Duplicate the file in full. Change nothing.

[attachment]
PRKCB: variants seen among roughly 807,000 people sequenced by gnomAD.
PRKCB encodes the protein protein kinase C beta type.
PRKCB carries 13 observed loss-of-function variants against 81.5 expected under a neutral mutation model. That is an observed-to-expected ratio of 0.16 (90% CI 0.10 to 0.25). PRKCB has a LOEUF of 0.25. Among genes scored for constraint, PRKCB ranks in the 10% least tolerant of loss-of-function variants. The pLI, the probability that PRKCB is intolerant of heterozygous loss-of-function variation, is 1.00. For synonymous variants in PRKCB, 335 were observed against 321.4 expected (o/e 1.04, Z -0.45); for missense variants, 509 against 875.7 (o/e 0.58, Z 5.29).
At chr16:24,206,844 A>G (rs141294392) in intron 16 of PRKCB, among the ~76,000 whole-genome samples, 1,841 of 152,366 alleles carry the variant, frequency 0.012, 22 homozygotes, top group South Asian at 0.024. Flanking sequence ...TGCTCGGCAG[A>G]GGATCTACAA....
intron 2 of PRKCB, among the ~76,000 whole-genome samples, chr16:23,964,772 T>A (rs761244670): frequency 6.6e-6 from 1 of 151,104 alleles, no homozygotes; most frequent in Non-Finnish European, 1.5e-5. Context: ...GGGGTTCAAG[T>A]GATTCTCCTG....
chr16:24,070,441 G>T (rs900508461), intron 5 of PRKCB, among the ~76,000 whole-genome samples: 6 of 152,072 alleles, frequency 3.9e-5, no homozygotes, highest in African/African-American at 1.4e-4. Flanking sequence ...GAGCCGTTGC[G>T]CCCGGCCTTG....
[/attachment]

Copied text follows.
PRKCB: variants seen among roughly 807,000 people sequenced by gnomAD.
PRKCB encodes the protein protein kinase C beta type.
PRKCB carries 13 observed loss-of-function variants against 81.5 expected under a neutral mutation model. That is an observed-to-expected ratio of 0.16 (90% CI 0.10 to 0.25). PRKCB has a LOEUF of 0.25. Among genes scored for constraint, PRKCB ranks in the 10% least tolerant of loss-of-function variants. The pLI, the probability that PRKCB is intolerant of heterozygous loss-of-function variation, is 1.00. For synonymous variants in PRKCB, 335 were observed against 321.4 expected (o/e 1.04, Z -0.45); for missense variants, 509 against 875.7 (o/e 0.58, Z 5.29).
At chr16:24,206,844 A>G (rs141294392) in intron 16 of PRKCB, among the ~76,000 whole-genome samples, 1,841 of 152,366 alleles carry the variant, frequency 0.012, 22 homozygotes, top group South Asian at 0.024. Flanking sequence ...TGCTCGGCAG[A>G]GGATCTACAA....
intron 2 of PRKCB, among the ~76,000 whole-genome samples, chr16:23,964,772 T>A (rs761244670): frequency 6.6e-6 from 1 of 151,104 alleles, no homozygotes; most frequent in Non-Finnish European, 1.5e-5. Context: ...GGGGTTCAAG[T>A]GATTCTCCTG....
chr16:24,070,441 G>T (rs900508461), intron 5 of PRKCB, among the ~76,000 whole-genome samples: 6 of 152,072 alleles, frequency 3.9e-5, no homozygotes, highest in African/African-American at 1.4e-4. Flanking sequence ...GAGCCGTTGC[G>T]CCCGGCCTTG....